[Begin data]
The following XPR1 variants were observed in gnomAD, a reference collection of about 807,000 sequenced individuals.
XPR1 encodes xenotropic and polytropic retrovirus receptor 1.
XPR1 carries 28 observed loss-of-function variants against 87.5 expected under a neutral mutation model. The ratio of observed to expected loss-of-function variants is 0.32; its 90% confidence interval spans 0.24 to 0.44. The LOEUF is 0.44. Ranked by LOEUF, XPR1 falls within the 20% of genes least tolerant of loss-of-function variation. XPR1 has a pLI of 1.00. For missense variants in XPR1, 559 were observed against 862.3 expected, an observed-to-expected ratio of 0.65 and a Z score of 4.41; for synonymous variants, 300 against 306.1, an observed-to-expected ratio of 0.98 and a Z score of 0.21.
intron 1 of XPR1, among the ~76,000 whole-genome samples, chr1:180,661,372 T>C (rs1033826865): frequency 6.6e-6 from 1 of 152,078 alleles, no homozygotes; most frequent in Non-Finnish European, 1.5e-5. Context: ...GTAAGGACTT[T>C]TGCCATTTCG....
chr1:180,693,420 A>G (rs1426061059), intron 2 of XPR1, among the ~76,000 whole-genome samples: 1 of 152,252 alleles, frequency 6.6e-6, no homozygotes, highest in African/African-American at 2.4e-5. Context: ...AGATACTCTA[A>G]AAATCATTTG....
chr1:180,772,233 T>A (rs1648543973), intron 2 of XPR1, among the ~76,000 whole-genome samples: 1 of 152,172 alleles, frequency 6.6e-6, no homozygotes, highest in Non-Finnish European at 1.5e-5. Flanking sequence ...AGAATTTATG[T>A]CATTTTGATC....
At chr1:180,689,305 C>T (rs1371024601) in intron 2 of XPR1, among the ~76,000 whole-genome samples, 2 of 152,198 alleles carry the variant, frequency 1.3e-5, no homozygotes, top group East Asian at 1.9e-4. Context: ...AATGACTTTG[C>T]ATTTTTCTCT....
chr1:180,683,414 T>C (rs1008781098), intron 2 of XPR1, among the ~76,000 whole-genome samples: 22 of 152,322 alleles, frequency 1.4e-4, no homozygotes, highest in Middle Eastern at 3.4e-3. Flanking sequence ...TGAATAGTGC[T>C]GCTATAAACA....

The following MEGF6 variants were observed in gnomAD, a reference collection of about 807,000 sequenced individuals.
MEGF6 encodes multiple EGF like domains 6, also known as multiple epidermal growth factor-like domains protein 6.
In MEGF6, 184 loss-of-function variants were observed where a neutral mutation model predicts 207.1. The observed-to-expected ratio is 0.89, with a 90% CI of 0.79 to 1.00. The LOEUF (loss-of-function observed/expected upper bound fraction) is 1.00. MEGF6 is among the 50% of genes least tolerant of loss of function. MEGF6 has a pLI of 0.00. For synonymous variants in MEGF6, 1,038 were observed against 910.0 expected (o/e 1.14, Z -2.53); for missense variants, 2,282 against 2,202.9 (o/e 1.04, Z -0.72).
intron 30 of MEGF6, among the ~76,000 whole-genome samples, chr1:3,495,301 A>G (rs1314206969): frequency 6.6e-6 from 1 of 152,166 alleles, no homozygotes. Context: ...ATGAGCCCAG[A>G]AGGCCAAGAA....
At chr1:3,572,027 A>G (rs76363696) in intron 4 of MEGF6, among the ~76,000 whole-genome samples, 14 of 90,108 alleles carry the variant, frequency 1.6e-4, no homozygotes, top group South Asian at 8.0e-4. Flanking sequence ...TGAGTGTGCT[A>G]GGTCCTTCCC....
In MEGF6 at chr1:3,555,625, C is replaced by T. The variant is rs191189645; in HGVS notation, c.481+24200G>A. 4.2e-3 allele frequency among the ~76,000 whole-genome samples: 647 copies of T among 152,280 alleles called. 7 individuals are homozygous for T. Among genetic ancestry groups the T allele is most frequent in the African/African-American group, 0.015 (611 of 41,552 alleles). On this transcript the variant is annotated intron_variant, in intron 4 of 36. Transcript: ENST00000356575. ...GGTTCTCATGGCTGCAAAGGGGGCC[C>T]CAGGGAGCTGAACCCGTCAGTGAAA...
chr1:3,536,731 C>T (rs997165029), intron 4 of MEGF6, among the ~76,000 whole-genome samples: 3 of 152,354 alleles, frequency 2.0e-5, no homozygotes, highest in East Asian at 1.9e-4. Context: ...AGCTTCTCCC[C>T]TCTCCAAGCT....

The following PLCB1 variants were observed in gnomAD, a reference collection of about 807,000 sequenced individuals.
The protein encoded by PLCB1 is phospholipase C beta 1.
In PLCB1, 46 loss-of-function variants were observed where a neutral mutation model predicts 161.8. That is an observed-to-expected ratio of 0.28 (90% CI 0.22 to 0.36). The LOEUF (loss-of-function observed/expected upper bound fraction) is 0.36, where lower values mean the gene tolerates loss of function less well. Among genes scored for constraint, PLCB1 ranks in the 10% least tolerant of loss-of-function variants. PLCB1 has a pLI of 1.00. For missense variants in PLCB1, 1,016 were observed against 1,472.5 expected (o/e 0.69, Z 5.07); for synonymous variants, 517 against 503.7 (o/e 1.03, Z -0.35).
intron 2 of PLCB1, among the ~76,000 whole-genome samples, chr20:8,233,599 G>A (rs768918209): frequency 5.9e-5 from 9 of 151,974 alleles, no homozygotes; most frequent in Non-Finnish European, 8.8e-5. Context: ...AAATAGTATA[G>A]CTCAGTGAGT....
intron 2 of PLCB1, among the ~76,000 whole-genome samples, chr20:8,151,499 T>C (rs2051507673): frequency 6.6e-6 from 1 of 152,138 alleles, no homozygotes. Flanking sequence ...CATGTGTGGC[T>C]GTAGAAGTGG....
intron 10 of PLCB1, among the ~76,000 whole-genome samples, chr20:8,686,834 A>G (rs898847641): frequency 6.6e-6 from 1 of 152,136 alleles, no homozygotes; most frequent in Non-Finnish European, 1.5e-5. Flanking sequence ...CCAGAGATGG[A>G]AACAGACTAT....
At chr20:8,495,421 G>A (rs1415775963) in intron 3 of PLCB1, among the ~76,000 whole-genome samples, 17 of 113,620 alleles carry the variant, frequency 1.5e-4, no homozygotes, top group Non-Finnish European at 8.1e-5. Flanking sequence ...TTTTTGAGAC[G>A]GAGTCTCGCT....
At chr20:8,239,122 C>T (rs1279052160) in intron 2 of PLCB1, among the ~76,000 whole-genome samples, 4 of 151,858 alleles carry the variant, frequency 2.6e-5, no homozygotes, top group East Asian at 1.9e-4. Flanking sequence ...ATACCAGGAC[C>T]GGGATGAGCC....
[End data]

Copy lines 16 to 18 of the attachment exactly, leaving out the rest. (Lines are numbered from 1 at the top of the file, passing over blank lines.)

The following PLCB1 variants were observed in gnomAD, a reference collection of about 807,000 sequenced individuals.
The protein encoded by PLCB1 is phospholipase C beta 1.
In PLCB1, 46 loss-of-function variants were observed where a neutral mutation model predicts 161.8. That is an observed-to-expected ratio of 0.28 (90% CI 0.22 to 0.36). The LOEUF (loss-of-function observed/expected upper bound fraction) is 0.36, where lower values mean the gene tolerates loss of function less well. Among genes scored for constraint, PLCB1 ranks in the 10% least tolerant of loss-of-function variants. PLCB1 has a pLI of 1.00. For missense variants in PLCB1, 1,016 were observed against 1,472.5 expected (o/e 0.69, Z 5.07); for synonymous variants, 517 against 503.7 (o/e 1.03, Z -0.35).